Metaudible: Design of metamaterials for the absorption of audible sound

Audible sound reduction and control is a major issue, particularly in the low frequency range. Noise pollution, inherent to human activities, has strong repercussion on health through annoyance, premature fatigue and sleep disturbance. The European Environment Agency underlines that more than 30% of EU population may be exposed. Imposed by life and industrial standards, lighter and thinner structures are needed for the absorption of lower and lower frequency sound.

The usual way to solve this problem is the use of optimized multilayered porous materials packages. The dissipation properties of porous materials yield on viscous and thermal losses. Thus, although they are quite efficient at high frequencies, they suffer from a lack of absorption at low frequencies, particularly below the so-called Biot frequency (typically around 1000 Hz). This is due to fact that below this frequency a porous material stands in the viscous regime, where the acoustic waves are diffusive and then no longer propagating.

In the last years new porous-based structures, such as the metaporous materials, the double porosity materials or the dead end porosity materials, have been proposed. These structures make use of additional absorption/dissipation mechanisms by the presence of volume and/or surface heterogeneities that lead to energy localization inside the structure, and therefore to an enhancement of the absorption. However, this kind of enhancement is efficient mainly in the inertial regime, i.e.,the regime where the acoustic waves propagate, namely above the Biot frequency.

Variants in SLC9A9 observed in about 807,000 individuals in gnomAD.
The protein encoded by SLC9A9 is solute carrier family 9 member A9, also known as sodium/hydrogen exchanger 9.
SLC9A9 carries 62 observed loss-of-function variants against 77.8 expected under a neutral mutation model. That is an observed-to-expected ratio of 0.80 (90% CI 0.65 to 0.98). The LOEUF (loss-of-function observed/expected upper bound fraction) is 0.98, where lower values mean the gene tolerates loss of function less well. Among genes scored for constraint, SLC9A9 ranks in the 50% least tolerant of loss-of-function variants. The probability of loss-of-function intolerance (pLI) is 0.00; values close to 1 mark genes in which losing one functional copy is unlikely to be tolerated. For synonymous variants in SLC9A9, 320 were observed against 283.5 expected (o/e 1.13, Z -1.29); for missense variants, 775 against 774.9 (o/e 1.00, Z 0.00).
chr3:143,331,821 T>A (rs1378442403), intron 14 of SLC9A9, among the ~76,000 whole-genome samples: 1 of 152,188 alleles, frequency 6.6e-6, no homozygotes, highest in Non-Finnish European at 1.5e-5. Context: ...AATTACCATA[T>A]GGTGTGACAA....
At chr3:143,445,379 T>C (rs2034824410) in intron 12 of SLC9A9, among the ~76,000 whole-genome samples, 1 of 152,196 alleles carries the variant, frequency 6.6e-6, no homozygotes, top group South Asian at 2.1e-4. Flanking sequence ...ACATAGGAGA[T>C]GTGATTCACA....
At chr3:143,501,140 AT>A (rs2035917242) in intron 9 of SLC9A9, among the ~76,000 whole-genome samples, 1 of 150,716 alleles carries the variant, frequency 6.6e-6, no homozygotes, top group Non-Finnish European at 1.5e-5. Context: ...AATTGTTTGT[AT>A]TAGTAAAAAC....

The Metaudible project is both a theoretical and an experimental project. Its objective is to overcome the problem of low absorption of sound at very low frequencies by designing and manufacturing the thinnest possible absorbing material. To achieve this, additional absorption and dissipation mechanisms will be used, based on subwavelength resonance phenomena, nonlinear and contact dissipation.

Existing structures (metaporous materials) will be improved by embedding optimized subwavelength resonators in correctly chosen porous materials, coupled with surface irregularities. In addition, novel metamaterials (metaudible materials) will be designed and manufactured. They will be obtained by coupling new host materials, made of a complex arrangement of resonators or porogranular materials, with larger size optimized subwavelength resonators and surface irregularities. These materials will be prototyped by a 3D wax printer or laser sintering. Dedicated experiments will be developed and performed.